As such the idea is to ensure that the teachers find it as a motivation to be associated with an institution for a longer term than search for an option better than the former. It has been found during the survey that if a teacher tenders resignation, the management accepts the same without any query or a discussion to understand the reasons for resignation from the services. This clearly reflects the thinking of the management. Human resources as teachers who have spent a considerable time with an academic institution do not only know how to teach better but also gel well with the organizational policies and as such are more than an asset-they become indispensable. An organization which allows such jewels to slip through their fingers with an assumption that there would be many fitting into the same shoes is reflecting not only their inability to be a good manager but also putting the reputation of the school at stake.

A change in the mind set is required. As has been mentioned in the Principles of management, a ‘Mental Revolution’ is necessary to clear the invisible mist of distrust, discomfort and false acceptance. A teacher may follow the instructions or for that matter abide by the regulations without raising a question about its authenticity because of certain reasons which may be:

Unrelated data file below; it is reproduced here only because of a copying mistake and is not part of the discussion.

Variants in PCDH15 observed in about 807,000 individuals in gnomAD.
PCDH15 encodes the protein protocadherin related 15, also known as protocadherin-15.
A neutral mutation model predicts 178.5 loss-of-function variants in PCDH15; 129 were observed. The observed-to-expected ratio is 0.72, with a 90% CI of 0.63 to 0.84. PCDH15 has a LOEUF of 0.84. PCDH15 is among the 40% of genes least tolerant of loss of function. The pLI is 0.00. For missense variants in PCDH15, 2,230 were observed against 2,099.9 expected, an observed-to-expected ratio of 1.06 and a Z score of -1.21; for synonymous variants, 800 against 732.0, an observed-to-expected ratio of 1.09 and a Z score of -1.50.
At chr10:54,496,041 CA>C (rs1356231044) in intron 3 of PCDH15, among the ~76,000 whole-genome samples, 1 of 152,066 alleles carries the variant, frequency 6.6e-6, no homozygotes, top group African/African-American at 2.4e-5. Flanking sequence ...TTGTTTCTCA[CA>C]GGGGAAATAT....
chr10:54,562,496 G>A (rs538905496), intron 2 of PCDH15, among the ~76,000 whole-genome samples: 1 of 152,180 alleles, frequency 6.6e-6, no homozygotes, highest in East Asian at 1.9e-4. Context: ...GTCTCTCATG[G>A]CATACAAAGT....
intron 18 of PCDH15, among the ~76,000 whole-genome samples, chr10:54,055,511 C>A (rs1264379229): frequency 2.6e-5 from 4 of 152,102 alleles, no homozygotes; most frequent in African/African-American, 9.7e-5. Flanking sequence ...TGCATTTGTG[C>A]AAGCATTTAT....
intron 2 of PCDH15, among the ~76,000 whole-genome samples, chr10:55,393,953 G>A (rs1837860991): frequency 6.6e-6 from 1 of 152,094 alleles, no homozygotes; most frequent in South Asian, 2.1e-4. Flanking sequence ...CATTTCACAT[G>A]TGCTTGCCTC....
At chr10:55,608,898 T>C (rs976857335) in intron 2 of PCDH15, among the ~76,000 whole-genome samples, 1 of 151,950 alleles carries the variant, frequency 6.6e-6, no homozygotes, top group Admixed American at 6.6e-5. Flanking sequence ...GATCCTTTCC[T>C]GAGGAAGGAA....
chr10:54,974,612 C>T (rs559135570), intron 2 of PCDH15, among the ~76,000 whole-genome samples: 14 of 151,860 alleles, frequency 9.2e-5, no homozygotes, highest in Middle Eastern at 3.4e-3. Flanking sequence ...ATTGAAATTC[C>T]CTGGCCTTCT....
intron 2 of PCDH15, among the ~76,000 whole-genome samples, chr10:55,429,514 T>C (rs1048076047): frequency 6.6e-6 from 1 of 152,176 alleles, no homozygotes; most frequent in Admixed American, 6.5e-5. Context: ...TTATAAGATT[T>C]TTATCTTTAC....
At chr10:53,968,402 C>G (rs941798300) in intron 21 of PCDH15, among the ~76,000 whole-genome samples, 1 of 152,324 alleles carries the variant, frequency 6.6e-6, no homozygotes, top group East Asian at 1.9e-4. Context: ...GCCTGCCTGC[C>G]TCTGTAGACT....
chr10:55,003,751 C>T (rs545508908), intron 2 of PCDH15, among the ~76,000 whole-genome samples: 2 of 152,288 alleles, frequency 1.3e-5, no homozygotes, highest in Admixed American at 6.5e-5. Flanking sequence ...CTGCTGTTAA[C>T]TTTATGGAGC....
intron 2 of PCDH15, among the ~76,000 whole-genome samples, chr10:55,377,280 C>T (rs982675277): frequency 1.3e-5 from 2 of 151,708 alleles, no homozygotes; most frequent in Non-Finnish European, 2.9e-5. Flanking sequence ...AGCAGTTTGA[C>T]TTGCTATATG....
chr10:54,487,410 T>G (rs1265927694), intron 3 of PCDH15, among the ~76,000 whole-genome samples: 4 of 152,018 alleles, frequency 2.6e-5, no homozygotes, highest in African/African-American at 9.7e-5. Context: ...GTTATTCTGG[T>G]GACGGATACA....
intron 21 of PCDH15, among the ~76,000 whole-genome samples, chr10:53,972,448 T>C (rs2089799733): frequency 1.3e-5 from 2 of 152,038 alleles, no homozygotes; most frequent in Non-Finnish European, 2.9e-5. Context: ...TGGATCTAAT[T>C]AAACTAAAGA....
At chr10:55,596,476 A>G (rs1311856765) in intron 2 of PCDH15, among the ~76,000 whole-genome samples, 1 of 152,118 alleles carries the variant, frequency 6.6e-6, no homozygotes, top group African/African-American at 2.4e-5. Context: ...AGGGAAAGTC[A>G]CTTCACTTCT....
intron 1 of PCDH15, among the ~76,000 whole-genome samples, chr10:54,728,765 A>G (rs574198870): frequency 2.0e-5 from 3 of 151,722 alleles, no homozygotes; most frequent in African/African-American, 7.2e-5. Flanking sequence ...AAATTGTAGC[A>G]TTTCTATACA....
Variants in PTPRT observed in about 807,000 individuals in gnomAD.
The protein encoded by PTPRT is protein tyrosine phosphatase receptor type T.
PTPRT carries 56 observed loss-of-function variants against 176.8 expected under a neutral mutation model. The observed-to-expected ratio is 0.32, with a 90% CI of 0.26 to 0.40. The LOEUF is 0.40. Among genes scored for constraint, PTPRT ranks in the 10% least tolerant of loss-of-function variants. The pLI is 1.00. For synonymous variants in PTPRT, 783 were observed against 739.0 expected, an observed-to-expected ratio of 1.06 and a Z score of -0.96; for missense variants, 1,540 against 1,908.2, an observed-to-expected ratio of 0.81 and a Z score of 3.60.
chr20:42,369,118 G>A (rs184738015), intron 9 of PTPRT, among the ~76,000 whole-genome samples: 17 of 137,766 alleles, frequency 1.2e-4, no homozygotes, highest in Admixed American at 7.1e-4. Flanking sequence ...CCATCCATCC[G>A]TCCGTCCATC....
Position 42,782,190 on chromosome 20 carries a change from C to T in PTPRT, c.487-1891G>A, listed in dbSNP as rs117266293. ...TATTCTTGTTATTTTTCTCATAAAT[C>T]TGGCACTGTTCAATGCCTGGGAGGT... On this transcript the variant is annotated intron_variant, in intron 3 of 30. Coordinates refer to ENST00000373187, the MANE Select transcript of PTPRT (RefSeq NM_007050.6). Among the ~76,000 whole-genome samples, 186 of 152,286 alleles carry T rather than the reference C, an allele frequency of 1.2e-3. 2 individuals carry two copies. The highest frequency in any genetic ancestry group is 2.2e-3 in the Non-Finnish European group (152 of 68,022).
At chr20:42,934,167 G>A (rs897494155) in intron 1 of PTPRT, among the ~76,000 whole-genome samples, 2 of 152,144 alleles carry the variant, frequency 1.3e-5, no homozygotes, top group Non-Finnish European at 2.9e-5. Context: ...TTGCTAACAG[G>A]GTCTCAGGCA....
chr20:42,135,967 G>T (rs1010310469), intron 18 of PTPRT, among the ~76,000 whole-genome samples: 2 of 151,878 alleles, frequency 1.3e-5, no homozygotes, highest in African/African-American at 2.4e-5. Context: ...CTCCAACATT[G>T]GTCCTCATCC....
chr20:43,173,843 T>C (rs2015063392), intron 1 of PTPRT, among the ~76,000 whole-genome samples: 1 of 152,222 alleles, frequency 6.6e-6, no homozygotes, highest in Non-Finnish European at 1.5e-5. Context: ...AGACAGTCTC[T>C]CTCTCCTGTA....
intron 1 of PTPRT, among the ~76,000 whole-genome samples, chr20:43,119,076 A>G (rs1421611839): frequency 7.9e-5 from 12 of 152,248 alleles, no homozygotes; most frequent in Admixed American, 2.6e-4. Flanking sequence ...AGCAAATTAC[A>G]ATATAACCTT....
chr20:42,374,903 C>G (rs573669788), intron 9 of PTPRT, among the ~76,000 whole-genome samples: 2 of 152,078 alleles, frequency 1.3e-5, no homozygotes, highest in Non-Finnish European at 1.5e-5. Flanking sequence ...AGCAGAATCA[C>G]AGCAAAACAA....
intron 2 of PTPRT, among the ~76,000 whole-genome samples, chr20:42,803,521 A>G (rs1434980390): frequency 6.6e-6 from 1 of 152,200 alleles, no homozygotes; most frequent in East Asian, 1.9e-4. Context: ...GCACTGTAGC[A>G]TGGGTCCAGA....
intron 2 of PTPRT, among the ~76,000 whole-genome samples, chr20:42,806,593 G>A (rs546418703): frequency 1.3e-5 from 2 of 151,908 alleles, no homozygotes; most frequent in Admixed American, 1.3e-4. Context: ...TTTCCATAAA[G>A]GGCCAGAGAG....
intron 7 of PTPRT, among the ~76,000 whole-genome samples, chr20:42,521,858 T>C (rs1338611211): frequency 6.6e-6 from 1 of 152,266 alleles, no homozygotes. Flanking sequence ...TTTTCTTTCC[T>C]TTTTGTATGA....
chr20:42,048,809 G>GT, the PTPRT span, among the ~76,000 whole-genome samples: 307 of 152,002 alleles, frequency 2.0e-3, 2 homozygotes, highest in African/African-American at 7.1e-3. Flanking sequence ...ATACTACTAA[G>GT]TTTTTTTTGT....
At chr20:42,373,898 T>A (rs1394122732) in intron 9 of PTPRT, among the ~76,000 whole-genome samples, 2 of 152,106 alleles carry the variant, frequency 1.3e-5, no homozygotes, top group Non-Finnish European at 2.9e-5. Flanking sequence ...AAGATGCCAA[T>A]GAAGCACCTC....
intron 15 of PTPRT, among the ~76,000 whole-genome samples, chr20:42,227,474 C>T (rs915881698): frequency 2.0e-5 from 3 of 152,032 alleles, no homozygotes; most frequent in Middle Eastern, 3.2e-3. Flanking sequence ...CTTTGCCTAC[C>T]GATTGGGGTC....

1. Financial and job insecurity: several members of the teaching fraternity in our country take teaching as a job to earn and be consistent on job. Their assumption is that marketing or a desk job is secured till the time they are able to meet the targets or till the time they are able to remain as impressive performer which as a teacher is completely ruled out. In other words, several teachers chose this profession just to avoid stress due to targets, meetings and extended time limits to complete their targets which affect their family life. The management gets a pulse of the same during the interviews and this allows them to exploit the talent as well as the resource beyond permissible limits which are never clear. While some teachers raise their voices and get expelled or get the noose tightened around their neck, the others chose to just be a mute spectator for the reasons mentioned above.
  2. Confidence: in some situations, it has been found out that due to lack of confidence, some teachers may chose to adapt themselves to the conditions than to point out the irregularities or resign. It may be as such that they fail to gauge their abilities or are apprehensive enough about their abilities to present their skills in a better fashion when exposed to competition and as such chose to become informants to the management in order to protect themselves from any action being taken against the other teachers.